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Published February 5th, 2020
What it takes to bring the Lamorinda Weekly to your door
Giant rolls of paper Photos Vera Kochan

Few people realize the hard work and time consuming effort it takes to produce a newspaper. From the conception of an article to the final process of delivery, keeping the public informed and up-to-date is an ever-changing challenge.
This reporter recently toured Bay Area Production Services, a Fremont-based newspaper printing facility which is owned by the San Francisco Chronicle, a Hearst Corporation, that prints the Lamorinda Weekly among other newspapers.
The first stop in the massive warehouse-like facility that employs approximately 100 personnel, was to view the area where gargantuan rolls of white paper, resembling adding machine tape for the Jolly Green Giant's calculator, stood stacked on floor-to-ceiling racks. The paper comes straight from the mill and incorporates recycled product. Paper sizes have minor variances from roll to roll, but for the most part they arrive cut to fit standard newspapers. This section is run with little to no human interference as electronic sensors determine when rolls need to be replaced during printing.
Across from the stacks of paper rolls are enormous vats containing ink. The same color spectrum used in a Laser Jet Printer - cyan, magenta, yellow and "key" (black) - are used to print the wording and pictures in a newspaper. According to Bay Area Production Services CSR & Receiving and Logistics Manager Rocky Dave, "This facility began using color in newspapers about 10 years ago."
Next in the process came the visit to a room with consoles resembling something from Mission Control at NASA. Publishers from various newspapers transmit mock-ups of a completely corrected and edited edition to a BAPS console where the content is checked one last time before the paper "goes to press."
Aluminum printing plates are etched by lasers to resemble the printed pages of a newspaper. The printing plates are then mounted onto the printing press. Ink is added in the actual printing process. Each prospective newspaper page is lasered onto four different printing plates; one plate for each color of ink. Because each printing plate has been marked by lasers, no plate is used twice.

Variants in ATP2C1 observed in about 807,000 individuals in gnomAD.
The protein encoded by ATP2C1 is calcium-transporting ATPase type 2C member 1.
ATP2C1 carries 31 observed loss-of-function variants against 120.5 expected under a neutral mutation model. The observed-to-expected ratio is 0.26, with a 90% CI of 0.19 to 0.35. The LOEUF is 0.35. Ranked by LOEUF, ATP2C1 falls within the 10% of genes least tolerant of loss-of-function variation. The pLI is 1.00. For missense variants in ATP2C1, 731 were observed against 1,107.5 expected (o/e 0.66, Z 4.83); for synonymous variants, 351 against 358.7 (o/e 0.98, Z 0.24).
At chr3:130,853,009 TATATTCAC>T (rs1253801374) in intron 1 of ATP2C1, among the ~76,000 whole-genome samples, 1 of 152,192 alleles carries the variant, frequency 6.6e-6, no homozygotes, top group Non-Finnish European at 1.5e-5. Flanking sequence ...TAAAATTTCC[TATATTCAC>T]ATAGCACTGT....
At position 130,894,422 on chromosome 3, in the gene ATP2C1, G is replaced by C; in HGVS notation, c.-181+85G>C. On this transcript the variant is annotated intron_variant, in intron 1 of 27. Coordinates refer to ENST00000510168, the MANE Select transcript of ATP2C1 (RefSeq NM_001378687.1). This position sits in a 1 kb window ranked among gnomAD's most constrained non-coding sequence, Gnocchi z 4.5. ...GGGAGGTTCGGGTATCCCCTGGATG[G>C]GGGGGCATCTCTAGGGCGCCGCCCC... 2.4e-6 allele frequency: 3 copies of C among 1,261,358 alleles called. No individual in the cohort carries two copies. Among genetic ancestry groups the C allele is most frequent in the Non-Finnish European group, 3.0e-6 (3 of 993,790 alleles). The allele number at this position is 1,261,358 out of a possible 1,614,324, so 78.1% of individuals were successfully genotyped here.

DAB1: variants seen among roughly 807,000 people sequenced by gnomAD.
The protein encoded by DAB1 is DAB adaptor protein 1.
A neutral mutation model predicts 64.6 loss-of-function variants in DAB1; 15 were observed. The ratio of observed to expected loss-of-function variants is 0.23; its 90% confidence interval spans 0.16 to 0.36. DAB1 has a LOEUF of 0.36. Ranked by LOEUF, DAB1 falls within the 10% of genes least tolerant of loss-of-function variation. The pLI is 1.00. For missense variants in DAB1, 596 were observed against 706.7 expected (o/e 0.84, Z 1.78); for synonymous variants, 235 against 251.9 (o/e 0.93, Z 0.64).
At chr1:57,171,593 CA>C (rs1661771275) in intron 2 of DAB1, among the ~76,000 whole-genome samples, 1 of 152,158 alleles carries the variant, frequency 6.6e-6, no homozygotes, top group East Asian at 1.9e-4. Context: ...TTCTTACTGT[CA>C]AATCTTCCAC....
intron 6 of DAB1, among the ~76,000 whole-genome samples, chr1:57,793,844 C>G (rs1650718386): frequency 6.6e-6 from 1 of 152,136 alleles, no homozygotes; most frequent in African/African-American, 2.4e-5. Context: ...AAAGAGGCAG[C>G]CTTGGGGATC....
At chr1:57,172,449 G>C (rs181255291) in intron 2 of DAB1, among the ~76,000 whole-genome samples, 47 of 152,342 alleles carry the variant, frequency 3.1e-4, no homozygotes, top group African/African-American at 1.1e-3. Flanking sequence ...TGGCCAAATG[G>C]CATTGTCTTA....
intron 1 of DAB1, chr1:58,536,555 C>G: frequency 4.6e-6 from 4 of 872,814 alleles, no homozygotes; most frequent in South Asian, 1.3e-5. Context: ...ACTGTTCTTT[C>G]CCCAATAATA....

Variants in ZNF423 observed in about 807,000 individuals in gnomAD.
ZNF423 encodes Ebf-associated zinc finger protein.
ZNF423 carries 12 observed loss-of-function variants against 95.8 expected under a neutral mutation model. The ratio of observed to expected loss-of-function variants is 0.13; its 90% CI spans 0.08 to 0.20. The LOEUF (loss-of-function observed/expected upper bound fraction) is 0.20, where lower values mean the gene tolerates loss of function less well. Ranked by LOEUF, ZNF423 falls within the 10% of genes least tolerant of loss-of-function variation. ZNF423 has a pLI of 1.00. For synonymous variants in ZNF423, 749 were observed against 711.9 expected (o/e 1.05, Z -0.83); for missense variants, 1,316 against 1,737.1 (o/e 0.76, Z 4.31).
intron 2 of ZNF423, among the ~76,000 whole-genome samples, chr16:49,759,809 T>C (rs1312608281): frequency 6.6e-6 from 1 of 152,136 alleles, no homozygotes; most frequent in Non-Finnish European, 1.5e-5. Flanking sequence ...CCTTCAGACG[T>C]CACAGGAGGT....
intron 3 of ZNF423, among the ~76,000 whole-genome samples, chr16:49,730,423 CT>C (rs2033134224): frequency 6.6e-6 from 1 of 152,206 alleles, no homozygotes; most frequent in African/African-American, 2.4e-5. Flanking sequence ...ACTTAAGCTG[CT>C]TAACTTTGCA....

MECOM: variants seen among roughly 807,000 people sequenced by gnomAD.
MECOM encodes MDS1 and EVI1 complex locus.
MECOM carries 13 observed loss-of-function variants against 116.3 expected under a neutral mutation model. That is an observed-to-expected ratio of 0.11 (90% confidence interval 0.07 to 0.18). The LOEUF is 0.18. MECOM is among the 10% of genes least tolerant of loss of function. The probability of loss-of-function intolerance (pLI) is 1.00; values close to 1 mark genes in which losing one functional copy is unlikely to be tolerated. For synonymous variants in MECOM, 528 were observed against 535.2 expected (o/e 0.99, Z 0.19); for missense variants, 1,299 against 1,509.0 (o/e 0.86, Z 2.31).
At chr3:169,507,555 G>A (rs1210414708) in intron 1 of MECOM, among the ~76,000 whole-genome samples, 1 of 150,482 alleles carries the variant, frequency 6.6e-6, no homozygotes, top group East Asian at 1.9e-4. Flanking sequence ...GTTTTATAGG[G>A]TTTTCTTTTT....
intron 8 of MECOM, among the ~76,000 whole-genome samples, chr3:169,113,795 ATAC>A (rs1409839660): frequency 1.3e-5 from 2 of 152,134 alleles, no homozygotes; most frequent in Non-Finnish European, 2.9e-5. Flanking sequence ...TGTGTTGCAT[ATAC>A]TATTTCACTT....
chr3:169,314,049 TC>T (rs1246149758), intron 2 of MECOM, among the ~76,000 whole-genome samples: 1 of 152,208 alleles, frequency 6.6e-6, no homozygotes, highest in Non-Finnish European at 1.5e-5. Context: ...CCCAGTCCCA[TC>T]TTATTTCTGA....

The print plates are then mounted onto web offset presses, so called because they use giant reels or "webs" of newsprint and four colors of ink. The machines were designed to print thousands of copies an hour. "Our presses can print up to 80,000 copies per hour," Dave stated. "If the web breaks the paper tears during the run."
The ink is stacked in "towers." Each tower level contains a different color of ink. The four printing plates add the different color levels to the paper, essentially layering ink until it creates the finished product.
The separate webs of paper then come together and are slit, cut again, folded and individually sent along on conveyor belts high above the floor much like small, winding roller coasters zooming overhead. This sight is the climax of the tour, because thanks to the movies and television, it's the one process most people think of at the mention of printing newspapers.
At the end of "the ride" the individual issues are stacked and packaged at the distribution center where they are broken down into zip and area codes prior to being fork-lifted on pallets to loading bays for delivery. The whole process is so fast - it can take less than a minute from putting ink onto paper to the final step of ready for pickup.
When asked whether the term "Stop the presses" is still used, even in this highly mechanized form of printing, Dave replied, "Yes, it can happen. We have people stationed in critical areas, and the turn around time to resume printing is usually 10 minutes."

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